9 September, 2012
Coquet Island is one of the RSPB’s smallest nature reserves and during the spring and summer every square metre is packed with nesting seabirds. It is not possible for visitors to land on the island because of the number of nesting birds, so RSPB decided to employ the latest in remote monitoring technology to take the birds to the people.
The main aim of the project was to enable viewing of the nesting areas on the island (which lies one mile out in the North Sea) beaming live pictures of nesting seabirds to a screen in the Tourist Information Centre in nearby Amble.
Key RSPB objectives included producing an environmentally friendly and efficient system, which would disrupt the birds as little as possible, handle the harsh demanding weather encountered on the North East coast. Or leave any significant damage to the island during installation and maintenance periods.
This project marked a new direction for 2020 Vision who are more used to monitoring city-life than wildlife. The RSPB’s objectives alone presented both a technical challenge with unusual specifications for 2020’s specialist team to overcome. And logistical problems associated with working offshore.
Using the latest generation and technology 2020 Vision Systems designed and installed a solar – powered camera system that sends real time images across the water on a wireless network.
In keeping with the RSPB’s aims, the system was designed to be environmentally friendly and as energy efficient as possible. The camera now on the island is powered by energy from the sun collected from solar panels installed by specialist company Solar Century.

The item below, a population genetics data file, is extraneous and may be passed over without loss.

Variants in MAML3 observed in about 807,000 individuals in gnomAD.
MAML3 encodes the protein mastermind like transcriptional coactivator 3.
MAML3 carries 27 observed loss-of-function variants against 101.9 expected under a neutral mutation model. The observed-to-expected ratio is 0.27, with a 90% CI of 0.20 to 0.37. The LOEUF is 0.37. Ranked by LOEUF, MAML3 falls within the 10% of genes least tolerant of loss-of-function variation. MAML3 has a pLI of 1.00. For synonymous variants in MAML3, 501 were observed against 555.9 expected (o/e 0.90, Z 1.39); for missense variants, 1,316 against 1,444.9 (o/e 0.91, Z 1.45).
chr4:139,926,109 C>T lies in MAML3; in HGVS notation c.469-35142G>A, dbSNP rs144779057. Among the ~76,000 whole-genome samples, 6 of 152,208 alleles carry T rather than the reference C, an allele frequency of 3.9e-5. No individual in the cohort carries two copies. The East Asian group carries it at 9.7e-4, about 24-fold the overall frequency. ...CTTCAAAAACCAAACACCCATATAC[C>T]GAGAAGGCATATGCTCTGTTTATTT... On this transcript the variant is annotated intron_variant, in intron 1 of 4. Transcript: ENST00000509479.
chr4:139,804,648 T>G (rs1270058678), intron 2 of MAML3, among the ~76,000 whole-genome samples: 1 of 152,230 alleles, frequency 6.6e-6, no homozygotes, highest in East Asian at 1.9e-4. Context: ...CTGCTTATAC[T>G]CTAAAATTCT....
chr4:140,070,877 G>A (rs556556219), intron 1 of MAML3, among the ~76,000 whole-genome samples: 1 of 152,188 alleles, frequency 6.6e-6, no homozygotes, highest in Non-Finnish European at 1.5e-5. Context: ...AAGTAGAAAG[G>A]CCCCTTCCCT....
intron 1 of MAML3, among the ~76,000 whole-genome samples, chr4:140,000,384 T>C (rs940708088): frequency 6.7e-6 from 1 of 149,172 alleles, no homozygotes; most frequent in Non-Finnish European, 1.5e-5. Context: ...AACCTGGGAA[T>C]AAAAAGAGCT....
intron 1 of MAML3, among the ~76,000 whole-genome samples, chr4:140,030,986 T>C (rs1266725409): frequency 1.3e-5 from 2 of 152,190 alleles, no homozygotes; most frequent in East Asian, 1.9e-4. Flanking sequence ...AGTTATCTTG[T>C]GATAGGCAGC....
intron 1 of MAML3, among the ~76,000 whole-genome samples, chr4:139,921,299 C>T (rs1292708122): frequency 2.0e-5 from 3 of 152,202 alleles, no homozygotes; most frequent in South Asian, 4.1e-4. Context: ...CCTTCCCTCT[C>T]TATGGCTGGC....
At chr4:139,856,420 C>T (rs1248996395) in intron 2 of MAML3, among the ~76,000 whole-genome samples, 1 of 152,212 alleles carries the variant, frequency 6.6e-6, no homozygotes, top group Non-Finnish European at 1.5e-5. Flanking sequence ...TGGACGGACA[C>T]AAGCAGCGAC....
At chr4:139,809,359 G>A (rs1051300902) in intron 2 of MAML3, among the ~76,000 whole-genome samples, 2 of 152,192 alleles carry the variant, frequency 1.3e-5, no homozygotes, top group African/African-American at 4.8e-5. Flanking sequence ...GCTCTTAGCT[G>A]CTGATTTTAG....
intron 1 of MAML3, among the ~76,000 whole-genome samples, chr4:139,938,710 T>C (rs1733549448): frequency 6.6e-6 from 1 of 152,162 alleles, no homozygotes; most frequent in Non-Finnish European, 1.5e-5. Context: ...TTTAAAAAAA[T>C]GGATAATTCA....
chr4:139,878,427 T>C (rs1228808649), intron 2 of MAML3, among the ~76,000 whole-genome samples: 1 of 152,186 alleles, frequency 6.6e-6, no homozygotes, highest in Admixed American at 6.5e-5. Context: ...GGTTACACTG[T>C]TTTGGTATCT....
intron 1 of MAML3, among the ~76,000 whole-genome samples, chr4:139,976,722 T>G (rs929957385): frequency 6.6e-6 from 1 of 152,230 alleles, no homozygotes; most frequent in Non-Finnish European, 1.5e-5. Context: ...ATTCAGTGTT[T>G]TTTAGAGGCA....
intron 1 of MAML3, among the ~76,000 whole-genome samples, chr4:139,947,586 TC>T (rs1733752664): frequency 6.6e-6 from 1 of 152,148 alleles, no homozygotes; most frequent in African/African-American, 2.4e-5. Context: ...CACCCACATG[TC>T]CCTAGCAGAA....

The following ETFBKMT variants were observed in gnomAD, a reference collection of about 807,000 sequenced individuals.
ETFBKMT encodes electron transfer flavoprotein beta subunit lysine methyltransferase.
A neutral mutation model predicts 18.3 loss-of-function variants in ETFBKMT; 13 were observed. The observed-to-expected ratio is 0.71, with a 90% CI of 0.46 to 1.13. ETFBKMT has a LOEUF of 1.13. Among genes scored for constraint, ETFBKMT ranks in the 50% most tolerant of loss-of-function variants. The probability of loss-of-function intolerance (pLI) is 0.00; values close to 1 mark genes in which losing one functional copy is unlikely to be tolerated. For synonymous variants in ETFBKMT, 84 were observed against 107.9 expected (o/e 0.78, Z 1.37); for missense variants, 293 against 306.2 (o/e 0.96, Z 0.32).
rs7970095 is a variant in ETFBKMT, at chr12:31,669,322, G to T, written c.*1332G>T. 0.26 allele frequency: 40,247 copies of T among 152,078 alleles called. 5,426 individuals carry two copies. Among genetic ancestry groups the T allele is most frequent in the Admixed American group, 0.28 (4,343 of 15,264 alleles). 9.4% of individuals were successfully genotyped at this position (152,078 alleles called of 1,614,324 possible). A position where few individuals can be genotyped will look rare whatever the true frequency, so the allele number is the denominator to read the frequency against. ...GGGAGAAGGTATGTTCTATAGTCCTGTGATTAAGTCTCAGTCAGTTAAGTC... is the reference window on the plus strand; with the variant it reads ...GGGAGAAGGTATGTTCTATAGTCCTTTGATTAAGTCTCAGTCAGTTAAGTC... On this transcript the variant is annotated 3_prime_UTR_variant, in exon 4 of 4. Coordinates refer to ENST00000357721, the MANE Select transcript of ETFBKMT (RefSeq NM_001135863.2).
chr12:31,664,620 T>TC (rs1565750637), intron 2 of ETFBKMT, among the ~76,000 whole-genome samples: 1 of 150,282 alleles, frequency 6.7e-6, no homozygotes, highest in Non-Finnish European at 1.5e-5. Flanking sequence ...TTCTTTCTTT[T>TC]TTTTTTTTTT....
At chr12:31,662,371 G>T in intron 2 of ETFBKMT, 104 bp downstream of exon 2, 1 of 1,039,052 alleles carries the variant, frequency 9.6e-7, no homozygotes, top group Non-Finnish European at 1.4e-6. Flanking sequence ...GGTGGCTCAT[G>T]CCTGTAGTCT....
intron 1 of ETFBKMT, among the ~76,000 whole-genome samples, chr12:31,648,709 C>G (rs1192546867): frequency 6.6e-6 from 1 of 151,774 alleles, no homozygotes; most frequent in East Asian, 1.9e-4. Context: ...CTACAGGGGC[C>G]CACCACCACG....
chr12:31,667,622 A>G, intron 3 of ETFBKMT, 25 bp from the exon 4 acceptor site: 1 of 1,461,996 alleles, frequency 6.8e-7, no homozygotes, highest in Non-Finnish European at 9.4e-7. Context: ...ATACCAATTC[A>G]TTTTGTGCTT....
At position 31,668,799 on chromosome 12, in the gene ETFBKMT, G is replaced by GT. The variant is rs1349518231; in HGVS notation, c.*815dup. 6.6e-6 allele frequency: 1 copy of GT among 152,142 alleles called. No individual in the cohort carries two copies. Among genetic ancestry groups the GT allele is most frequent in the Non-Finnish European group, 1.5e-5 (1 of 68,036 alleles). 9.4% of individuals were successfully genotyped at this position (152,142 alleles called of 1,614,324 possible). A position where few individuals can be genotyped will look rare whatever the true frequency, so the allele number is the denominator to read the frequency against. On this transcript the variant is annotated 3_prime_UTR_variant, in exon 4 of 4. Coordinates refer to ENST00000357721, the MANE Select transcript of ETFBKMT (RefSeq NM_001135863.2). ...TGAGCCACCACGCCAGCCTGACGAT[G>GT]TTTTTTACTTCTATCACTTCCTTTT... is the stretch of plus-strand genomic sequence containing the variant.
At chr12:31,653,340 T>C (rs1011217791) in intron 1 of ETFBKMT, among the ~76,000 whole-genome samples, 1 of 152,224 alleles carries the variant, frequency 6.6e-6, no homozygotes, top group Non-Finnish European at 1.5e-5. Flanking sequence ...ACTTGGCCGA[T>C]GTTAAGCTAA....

The surveillance equipment was installed on Coquet Island back in April to ensure all the gear was in place before the seabirds arrive at the start of the breeding season.
At the end of the season, 2020 Vision will remove the camera and carry out preventative maintenance in preparation for reinstalling at the start of the next season.
- A discreet unobtrusive system with minimal impact on the environment
- Environmentally friendly through use of solar power
- The unique ball shape construction of the camera with an integral wash/wipe system enables the lens to stay clean and record accurate images.
- All Equipment in marine finish
- FLOCK OFF – a system designed to prevent birds landing on the camera
- Whilst not the main objective, birds in flight can also be followed as the camera has a 25 frames per second frame rate, a 300 degree per second traverse speed and the images are in real time
The project went live in June, and throughout the summer visitors to the CoquetWatch control centre in Amble are now able to enjoy close-up views of the Island’s breeding seabirds.
The colourful puffins are the stars of CoquetWatch, but visitors also have unique views one of Europe’s rarest seabirds, the roseate tern. Coquet Island is the only place in the UK where roseate terns regularly nest and 91 pairs nested there last year.
This is the first time that cameras have followed the private life of these rare seabirds and the RSPB hopes that the camera will reveal previously unrecorded behaviour. Views of this normally inaccessible island have been opened up to the local population and tourists, whilst the island, and more importantly the birds remain virtually untouched and unspoiled.